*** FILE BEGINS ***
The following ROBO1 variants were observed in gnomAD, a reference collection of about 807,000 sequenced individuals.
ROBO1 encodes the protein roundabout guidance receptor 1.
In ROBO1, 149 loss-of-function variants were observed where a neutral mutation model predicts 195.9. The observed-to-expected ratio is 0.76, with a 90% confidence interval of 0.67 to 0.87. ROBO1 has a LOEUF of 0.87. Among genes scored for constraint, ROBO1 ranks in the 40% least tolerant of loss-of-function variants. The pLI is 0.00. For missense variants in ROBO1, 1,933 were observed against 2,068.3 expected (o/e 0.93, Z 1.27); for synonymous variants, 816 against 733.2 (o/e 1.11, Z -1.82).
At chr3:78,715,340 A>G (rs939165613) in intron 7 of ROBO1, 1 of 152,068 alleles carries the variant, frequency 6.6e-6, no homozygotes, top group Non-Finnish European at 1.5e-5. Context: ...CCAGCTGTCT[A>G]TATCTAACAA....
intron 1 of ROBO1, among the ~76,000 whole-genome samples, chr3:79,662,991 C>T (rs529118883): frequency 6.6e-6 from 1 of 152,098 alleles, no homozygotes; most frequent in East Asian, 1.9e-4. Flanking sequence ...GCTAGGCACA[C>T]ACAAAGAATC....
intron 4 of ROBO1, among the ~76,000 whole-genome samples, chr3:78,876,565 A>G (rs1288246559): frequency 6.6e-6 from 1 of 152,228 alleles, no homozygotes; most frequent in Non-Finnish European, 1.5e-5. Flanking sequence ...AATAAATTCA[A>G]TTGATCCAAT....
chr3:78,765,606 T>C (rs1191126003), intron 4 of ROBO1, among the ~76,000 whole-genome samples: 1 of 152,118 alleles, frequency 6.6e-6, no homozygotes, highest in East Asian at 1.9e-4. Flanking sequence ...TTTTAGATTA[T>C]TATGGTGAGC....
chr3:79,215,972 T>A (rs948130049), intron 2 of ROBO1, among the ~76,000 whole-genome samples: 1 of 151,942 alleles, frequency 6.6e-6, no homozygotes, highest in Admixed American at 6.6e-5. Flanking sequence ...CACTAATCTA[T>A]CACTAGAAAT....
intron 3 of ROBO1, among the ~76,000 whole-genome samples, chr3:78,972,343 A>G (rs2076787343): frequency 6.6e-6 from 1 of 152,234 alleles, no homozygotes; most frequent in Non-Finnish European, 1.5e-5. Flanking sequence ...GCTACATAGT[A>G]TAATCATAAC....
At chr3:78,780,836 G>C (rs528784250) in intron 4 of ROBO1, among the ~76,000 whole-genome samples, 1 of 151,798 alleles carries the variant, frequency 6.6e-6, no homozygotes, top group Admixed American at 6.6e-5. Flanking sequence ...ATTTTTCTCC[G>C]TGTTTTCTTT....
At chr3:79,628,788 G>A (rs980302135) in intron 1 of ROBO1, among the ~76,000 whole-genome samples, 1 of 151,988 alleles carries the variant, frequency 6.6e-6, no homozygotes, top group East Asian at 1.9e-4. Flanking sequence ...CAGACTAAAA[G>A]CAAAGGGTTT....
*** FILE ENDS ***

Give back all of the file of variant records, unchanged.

The following ROBO1 variants were observed in gnomAD, a reference collection of about 807,000 sequenced individuals.
ROBO1 encodes the protein roundabout guidance receptor 1.
In ROBO1, 149 loss-of-function variants were observed where a neutral mutation model predicts 195.9. The observed-to-expected ratio is 0.76, with a 90% confidence interval of 0.67 to 0.87. ROBO1 has a LOEUF of 0.87. Among genes scored for constraint, ROBO1 ranks in the 40% least tolerant of loss-of-function variants. The pLI is 0.00. For missense variants in ROBO1, 1,933 were observed against 2,068.3 expected (o/e 0.93, Z 1.27); for synonymous variants, 816 against 733.2 (o/e 1.11, Z -1.82).
At chr3:78,715,340 A>G (rs939165613) in intron 7 of ROBO1, 1 of 152,068 alleles carries the variant, frequency 6.6e-6, no homozygotes, top group Non-Finnish European at 1.5e-5. Context: ...CCAGCTGTCT[A>G]TATCTAACAA....
intron 1 of ROBO1, among the ~76,000 whole-genome samples, chr3:79,662,991 C>T (rs529118883): frequency 6.6e-6 from 1 of 152,098 alleles, no homozygotes; most frequent in East Asian, 1.9e-4. Flanking sequence ...GCTAGGCACA[C>T]ACAAAGAATC....
intron 4 of ROBO1, among the ~76,000 whole-genome samples, chr3:78,876,565 A>G (rs1288246559): frequency 6.6e-6 from 1 of 152,228 alleles, no homozygotes; most frequent in Non-Finnish European, 1.5e-5. Flanking sequence ...AATAAATTCA[A>G]TTGATCCAAT....
chr3:78,765,606 T>C (rs1191126003), intron 4 of ROBO1, among the ~76,000 whole-genome samples: 1 of 152,118 alleles, frequency 6.6e-6, no homozygotes, highest in East Asian at 1.9e-4. Flanking sequence ...TTTTAGATTA[T>C]TATGGTGAGC....
chr3:79,215,972 T>A (rs948130049), intron 2 of ROBO1, among the ~76,000 whole-genome samples: 1 of 151,942 alleles, frequency 6.6e-6, no homozygotes, highest in Admixed American at 6.6e-5. Flanking sequence ...CACTAATCTA[T>A]CACTAGAAAT....
intron 3 of ROBO1, among the ~76,000 whole-genome samples, chr3:78,972,343 A>G (rs2076787343): frequency 6.6e-6 from 1 of 152,234 alleles, no homozygotes; most frequent in Non-Finnish European, 1.5e-5. Flanking sequence ...GCTACATAGT[A>G]TAATCATAAC....
At chr3:78,780,836 G>C (rs528784250) in intron 4 of ROBO1, among the ~76,000 whole-genome samples, 1 of 151,798 alleles carries the variant, frequency 6.6e-6, no homozygotes, top group Admixed American at 6.6e-5. Flanking sequence ...ATTTTTCTCC[G>C]TGTTTTCTTT....
At chr3:79,628,788 G>A (rs980302135) in intron 1 of ROBO1, among the ~76,000 whole-genome samples, 1 of 151,988 alleles carries the variant, frequency 6.6e-6, no homozygotes, top group East Asian at 1.9e-4. Flanking sequence ...CAGACTAAAA[G>A]CAAAGGGTTT....